The best mountain bike mudguards keep filth out of your face and do it without shifting around or clogging up. That’s it.
You’d think it’d be easy to make a good mudguard. Turns out that’s not that case. There’s few than half a dozen brands that do it properly.
This buyers guide will be rather brief. Because there are basically some mudguards that work. And loads of others that don’t.
In this guide we’re going to narrow the field down even more. We’re not going to recommend mudguards that do not protect fork seals. Although you should always clean and check your fork seals after every filthy ride, it’s just better if there’s a pair of mudguard ‘ears’ there to reduce muck getting on to the seals in the first place.
We’re also tempted to not even recommend the simple, bendy, small mudguards that we’d claim were pretty much invented by Marsh Guards. They just aren’t anywhere near as good as longer/bigger mudguards. But… some people will just never like the aesthetic of full-on fenders, so we’re including one compact mudguard (from Ride Guard).
Ride Guard PF1
Overall: Why are we recommending this type of compact mudguard over the plethora of near-identical ones out there? Two reasons. First of all, the hang tag has a genuinely useful suspension sag measuring ruler built into it that is an excellent toolbox addition. And secondly, we like their designs more than other brands.
Okay then. The following four mudguards are so close in performance that we can’t honestly choose a winner. PIck any of them and you’ll be suitably protected.
Obviously there are variations in pricing, and that’s a perfectly sound way of picking a winner. The other aspect is how you feel about zip ties. From an ecological stance mainly, but also partly aesthetically.
Talking of aesthetics, just choose the one you like the look of the most. That’s fine. No harm in being nice looking.
Mudhugger Evo (Long) Zip Tie
Overall: If you’re fine with zip ties, then the classic Mudhugger EVO Zip Tie is still probably the one to go for. Don’t go for the slightly cheaper ‘Shorty’ version. May as well just get a cheapie Marsh Guard clone. Go full or nothing. It’s worth pointing out that Mudhugger do actually offer optional Velcro FItting Packs for zip tie haters. They also do some bolt-on versions for a limited number of fork models. Worth checking out.
RRP Proguard Bolt-On
Overall: Bolt-on fenders are a great thing. If it’s simple to fit one to specific fork you have on your bike. And you don’t want to use the fender on multiple bikes with different forks. So… they aren’t for everyone but conversely some people will totally love their specific-ness. Of the bolt-ons we’ve come across, RRP’s has been the best executed to our eyes.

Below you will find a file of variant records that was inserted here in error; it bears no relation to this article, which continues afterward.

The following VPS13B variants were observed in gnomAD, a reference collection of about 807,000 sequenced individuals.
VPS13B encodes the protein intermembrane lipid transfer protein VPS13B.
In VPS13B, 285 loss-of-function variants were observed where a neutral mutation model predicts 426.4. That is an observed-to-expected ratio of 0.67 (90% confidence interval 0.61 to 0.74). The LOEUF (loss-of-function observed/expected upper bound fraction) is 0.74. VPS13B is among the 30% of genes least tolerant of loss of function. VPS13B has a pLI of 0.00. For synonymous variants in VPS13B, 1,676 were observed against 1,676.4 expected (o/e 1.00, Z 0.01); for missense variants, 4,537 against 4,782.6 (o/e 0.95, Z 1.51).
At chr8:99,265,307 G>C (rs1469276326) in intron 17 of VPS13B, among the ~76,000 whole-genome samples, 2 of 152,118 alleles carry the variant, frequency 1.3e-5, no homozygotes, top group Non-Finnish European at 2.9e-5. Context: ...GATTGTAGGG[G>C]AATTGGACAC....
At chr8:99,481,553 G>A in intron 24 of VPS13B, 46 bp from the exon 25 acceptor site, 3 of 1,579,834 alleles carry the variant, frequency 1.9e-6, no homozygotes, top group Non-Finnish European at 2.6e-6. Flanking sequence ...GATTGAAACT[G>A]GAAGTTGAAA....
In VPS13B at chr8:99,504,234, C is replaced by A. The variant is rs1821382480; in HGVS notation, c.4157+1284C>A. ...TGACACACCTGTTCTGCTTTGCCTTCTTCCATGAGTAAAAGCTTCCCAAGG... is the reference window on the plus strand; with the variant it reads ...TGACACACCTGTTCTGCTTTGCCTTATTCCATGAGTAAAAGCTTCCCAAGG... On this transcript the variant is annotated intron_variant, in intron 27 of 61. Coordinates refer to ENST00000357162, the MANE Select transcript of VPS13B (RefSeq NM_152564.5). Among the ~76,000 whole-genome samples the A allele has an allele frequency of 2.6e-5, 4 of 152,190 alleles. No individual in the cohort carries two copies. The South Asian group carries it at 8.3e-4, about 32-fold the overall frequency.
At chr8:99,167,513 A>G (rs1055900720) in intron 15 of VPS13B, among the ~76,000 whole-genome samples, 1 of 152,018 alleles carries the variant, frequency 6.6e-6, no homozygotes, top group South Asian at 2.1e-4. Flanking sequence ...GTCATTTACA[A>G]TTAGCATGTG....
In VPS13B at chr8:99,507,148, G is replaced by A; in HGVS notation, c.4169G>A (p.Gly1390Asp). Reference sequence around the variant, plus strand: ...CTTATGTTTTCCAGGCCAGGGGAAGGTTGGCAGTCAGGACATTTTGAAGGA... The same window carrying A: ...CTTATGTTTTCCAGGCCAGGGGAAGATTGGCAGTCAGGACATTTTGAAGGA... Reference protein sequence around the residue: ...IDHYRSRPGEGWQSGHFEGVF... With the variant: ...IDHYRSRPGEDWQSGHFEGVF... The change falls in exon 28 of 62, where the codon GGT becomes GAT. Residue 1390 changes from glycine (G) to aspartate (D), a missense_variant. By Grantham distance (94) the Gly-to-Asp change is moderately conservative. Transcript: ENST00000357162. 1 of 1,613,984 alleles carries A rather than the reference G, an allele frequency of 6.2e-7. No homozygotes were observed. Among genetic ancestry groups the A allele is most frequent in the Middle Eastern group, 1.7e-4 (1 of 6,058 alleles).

Mucky Nutz MugGuard Long
Overall: Do you know what? Unless you need to super secure fixing that comes from the zip ties on the Mudhugger, you really should think about getting the MugGuard Long from Mucky Nutz. It uses reusable Velcro strips instead of zip ties and for 99% of the time, the fender is held in place just fine. And the easy-off, easy-on Velcro method is clearly loads better when swapping the ‘guard between bikes.
Mojo DFender Guard
Price: £49.00 inc. clamp
Overall: This is the best mudguard. But it’s nigh on fifty quid. And it isn’t very pretty. Sorry for being cheap and petty! In terms of keeping stuff off your face and out of your vision there is nothing that does the job better. It’s a simple matter of size really. Particularly width. And that dinky little bottom lip sticking out helps too. And the knurled-dial clamp on the fork arch works on more forks than you might think, or are listed by Mojo, in our experience.
Just by signing up you are supporting Singletrack World
Join our mailing list to receive Singletrack editorial wisdom directly in your inbox.
Each newsletter is headed up by an exclusive editorial from our team and includes stories and news you don’t want to miss.
While you’re here…
About the author
Cotic RocketMAXer. Schwalbe Magic Mary Purple Addix front. Maxxis DHR II 3C MaxxTerra rear. Coil fan.
I have been a writer for nigh on 20 years, a photographer for 25 years and a mountain biker for 30 years. I have written countless magazine and website features and route guides for the UK mountain bike press, most notably for the esteemed and highly regarded Singletrackworld.
Although I am a Lancastrian, I freely admit that West Yorkshire is my favourite place to ride. Rarely a week goes by without me riding and exploring the South Pennines.
by N/A for
Thanks for popping by - why not stay a while?IT'S FREE
Sign up as a Singletrack Member and you can leave comments on stories, use the classified ads, and post in our forums, do quizzes and more.